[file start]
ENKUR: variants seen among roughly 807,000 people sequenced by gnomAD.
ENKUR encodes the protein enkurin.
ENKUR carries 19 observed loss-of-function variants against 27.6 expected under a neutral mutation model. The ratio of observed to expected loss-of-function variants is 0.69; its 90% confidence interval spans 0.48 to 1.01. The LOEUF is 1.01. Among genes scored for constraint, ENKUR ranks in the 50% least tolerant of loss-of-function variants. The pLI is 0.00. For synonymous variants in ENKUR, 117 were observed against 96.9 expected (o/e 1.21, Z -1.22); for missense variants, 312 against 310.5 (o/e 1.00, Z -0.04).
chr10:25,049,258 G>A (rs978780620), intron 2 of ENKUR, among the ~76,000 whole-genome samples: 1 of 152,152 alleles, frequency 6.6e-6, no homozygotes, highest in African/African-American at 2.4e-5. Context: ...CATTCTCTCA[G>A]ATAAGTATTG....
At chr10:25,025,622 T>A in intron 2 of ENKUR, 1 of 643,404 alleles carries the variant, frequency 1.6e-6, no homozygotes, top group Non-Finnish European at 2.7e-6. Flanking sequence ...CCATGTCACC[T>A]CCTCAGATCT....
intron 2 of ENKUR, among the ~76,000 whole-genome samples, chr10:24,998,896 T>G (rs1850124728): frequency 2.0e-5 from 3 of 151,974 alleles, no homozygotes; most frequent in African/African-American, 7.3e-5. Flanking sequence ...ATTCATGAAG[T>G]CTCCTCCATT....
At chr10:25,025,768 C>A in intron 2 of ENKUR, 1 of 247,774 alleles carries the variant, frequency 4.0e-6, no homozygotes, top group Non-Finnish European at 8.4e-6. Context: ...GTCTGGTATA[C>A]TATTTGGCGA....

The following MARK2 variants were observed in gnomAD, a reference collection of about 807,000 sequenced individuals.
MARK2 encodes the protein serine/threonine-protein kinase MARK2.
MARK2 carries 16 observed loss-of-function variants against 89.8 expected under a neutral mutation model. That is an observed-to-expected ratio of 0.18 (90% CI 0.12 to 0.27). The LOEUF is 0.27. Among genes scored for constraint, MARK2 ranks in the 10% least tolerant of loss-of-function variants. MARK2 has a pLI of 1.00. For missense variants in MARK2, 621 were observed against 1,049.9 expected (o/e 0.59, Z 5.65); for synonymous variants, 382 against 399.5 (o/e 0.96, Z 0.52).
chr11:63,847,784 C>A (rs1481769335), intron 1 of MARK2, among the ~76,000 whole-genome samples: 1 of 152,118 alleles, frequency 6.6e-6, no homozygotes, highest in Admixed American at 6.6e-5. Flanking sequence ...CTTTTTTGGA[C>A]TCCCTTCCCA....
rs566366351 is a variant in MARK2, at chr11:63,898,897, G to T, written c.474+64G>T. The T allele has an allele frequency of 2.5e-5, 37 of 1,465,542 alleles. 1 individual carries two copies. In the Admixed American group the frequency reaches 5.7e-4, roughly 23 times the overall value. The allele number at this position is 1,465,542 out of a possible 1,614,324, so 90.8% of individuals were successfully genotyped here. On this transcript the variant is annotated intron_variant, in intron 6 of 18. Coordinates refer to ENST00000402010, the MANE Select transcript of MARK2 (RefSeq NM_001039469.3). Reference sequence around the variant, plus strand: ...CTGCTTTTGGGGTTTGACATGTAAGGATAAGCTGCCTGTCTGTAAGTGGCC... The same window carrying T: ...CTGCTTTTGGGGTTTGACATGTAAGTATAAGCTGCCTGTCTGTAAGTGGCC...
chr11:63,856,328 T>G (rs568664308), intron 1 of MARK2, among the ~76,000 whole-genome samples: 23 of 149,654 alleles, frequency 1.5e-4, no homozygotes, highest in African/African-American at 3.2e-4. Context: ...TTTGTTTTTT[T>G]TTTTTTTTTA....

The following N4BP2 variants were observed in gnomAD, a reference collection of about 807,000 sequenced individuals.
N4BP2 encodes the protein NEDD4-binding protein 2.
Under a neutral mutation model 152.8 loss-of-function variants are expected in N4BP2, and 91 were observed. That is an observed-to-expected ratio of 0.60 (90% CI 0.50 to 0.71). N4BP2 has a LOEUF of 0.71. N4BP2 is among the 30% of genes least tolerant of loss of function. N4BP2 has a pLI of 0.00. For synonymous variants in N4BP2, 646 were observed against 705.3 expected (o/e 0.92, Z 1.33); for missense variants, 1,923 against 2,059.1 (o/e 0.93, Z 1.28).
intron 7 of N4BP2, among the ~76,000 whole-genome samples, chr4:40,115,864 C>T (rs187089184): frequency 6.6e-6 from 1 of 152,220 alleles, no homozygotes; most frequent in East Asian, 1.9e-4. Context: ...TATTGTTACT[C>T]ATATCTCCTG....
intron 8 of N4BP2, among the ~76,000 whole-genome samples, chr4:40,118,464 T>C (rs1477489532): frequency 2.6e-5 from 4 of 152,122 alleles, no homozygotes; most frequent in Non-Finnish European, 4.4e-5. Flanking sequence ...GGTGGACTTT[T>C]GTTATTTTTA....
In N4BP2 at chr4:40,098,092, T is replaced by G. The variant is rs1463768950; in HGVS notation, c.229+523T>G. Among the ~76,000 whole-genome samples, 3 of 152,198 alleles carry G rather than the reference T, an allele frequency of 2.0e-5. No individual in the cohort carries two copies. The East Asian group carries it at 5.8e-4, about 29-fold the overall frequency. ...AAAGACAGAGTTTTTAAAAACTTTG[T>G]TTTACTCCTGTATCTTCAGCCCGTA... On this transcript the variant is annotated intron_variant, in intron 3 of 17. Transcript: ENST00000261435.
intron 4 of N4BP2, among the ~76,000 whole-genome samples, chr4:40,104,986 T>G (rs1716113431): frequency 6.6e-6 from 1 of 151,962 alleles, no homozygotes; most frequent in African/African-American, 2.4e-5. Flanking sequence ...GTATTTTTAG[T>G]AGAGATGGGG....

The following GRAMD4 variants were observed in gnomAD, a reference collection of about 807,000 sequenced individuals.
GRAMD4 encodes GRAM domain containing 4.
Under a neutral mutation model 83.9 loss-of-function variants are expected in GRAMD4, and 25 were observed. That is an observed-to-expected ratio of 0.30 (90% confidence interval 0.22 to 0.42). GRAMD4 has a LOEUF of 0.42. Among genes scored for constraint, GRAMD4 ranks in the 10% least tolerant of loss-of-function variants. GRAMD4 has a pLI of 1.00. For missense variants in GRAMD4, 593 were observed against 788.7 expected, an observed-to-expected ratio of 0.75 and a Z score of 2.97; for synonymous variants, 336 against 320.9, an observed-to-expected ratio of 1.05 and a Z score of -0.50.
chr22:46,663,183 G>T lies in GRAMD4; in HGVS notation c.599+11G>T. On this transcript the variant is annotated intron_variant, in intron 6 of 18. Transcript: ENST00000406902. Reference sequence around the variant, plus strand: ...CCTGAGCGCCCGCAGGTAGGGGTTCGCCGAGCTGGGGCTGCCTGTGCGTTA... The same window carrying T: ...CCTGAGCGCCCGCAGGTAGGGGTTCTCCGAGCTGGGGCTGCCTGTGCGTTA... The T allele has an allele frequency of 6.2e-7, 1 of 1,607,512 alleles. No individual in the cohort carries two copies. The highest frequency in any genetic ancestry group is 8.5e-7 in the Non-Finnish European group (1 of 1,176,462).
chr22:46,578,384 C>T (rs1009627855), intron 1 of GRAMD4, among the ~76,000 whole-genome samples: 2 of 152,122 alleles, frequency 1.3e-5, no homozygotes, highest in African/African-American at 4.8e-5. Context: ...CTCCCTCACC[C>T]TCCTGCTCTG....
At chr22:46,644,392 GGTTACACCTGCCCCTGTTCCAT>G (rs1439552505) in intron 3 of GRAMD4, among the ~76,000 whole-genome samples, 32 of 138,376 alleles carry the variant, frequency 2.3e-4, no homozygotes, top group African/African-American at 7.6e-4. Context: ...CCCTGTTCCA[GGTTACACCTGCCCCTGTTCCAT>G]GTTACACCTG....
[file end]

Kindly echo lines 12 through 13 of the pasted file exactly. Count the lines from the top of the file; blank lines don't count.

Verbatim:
rs566366351 is a variant in MARK2, at chr11:63,898,897, G to T, written c.474+64G>T. The T allele has an allele frequency of 2.5e-5, 37 of 1,465,542 alleles. 1 individual carries two copies. In the Admixed American group the frequency reaches 5.7e-4, roughly 23 times the overall value. The allele number at this position is 1,465,542 out of a possible 1,614,324, so 90.8% of individuals were successfully genotyped here. On this transcript the variant is annotated intron_variant, in intron 6 of 18. Coordinates refer to ENST00000402010, the MANE Select transcript of MARK2 (RefSeq NM_001039469.3). Reference sequence around the variant, plus strand: ...CTGCTTTTGGGGTTTGACATGTAAGGATAAGCTGCCTGTCTGTAAGTGGCC... The same window carrying T: ...CTGCTTTTGGGGTTTGACATGTAAGTATAAGCTGCCTGTCTGTAAGTGGCC...
chr11:63,856,328 T>G (rs568664308), intron 1 of MARK2, among the ~76,000 whole-genome samples: 23 of 149,654 alleles, frequency 1.5e-4, no homozygotes, highest in African/African-American at 3.2e-4. Context: ...TTTGTTTTTT[T>G]TTTTTTTTTA....